School of Biosciences

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Simon Welham

Assistant Professor in Nutritional Science, Faculty of Science


  • workNorth Laboratory
    Sutton Bonington Campus
    Sutton Bonington
    LE12 5RD
  • work0115 951 6129
  • fax0115 951 6122

Research Summary

Fetal programming.

Exposure to maternal undernutrition in early life directly impacts upon fetal growth and development and permanently alters postnatal physiology. This has been demonstrated to predispose individuals towards cardiovascular disease, diabetes and obesity in adulthood. An important aspect of these phenotypes is that they are both permanent and worsen with age. My current research seeks to examine the role of epigenetic modifications, most notably DNA methylation, brought about by in utero exposure to maternal undernutrition, in programming insulin resistance and how this might be modulated by ageing. In addition, I am also interested in understanding the mechanisms by which fetal growth impairment results in alterations in cellular determination during development.

Acute kidney injury.

Acute Kidney Injury (AKI) is defined as an abrupt decline in kidney function. It is common, occurring in up to 7% of acute hospital admissions and extremely serious with >50% mortality when occurring on Intensive Care Unit. The incidence of AKI in the general population has been estimated to be as high as 750000/year (Health Service Journal supplement 23 June 2011). This is the equivalent of the entire population of Leeds (3rd largest city) or 10% of the population of London suffering from an episode of AKI annually. Treatment is supportive, with optimization of fluid balance and blood pressure, avoidance of nephrotoxins and institution of renal replacement therapy where necessary. A single episode of AKI requiring hospital admission increases the likelihood of that individual further suffering chronic kidney disease (CKD) and end-stage renal disease (ESRD). We have recently begun to examine putative therapeutic interventions aimed at both preventing AKI and/or enhancing recovery from an episode of AKI. We are currently in the process of establishing a number of in vitro models of AKI to enable examination of cellular responses in both single cell type and multiple cell type environments.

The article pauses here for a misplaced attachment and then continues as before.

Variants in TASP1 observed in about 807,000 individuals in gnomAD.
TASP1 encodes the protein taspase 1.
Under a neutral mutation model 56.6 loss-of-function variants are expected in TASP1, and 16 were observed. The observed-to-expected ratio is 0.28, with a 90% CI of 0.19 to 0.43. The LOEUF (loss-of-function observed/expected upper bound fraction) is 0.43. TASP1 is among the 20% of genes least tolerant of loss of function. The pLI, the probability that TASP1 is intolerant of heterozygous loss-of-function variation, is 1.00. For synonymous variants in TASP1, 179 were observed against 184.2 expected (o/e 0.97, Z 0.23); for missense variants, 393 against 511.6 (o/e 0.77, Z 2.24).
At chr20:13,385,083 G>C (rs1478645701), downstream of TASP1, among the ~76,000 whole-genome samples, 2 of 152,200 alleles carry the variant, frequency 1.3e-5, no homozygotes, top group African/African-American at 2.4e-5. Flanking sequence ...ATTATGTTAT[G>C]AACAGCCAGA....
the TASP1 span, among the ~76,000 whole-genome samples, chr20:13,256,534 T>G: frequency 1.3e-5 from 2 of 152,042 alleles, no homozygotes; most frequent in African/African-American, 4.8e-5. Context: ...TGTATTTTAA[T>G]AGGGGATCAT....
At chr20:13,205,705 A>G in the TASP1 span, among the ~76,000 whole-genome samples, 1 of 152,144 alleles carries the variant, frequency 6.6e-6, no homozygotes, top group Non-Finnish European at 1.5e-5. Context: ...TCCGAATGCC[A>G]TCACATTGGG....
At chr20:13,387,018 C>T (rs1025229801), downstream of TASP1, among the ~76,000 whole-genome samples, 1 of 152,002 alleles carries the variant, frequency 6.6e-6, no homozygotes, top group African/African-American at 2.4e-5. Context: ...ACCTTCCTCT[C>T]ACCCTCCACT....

Renal development.

The processes by which the metanephric, or true kidney is formed are incompletely understood. Many of these processes, if aberrantly impacted upon, result either in inadequate renal development, often leading to a nephron deficit, or more severely, renal malformations for which the only useful treatment is transplant. One of the areas of renal development which we are interested in understanding is the process of cellular migration within the "stem" population of nephron progenitor cells (i.e. those which will go on to form nephrons). By elucidating the mechanisms which control both the rate and direction of migration of these cells, we hope to reveal how the structure of the kidney is established and, importantly, the processes which mediate cessation of renal development.

Additional research interests:

Novel modes of dietary monitoring.

Development of alternative means of dietary selection/choice.

Insects as food for humans and livestock.

Cellular amino acid requirements.

Recent Publications

School of Biosciences

University of Nottingham
Sutton Bonington Campus
Nr Loughborough
LE12 5RD, UK

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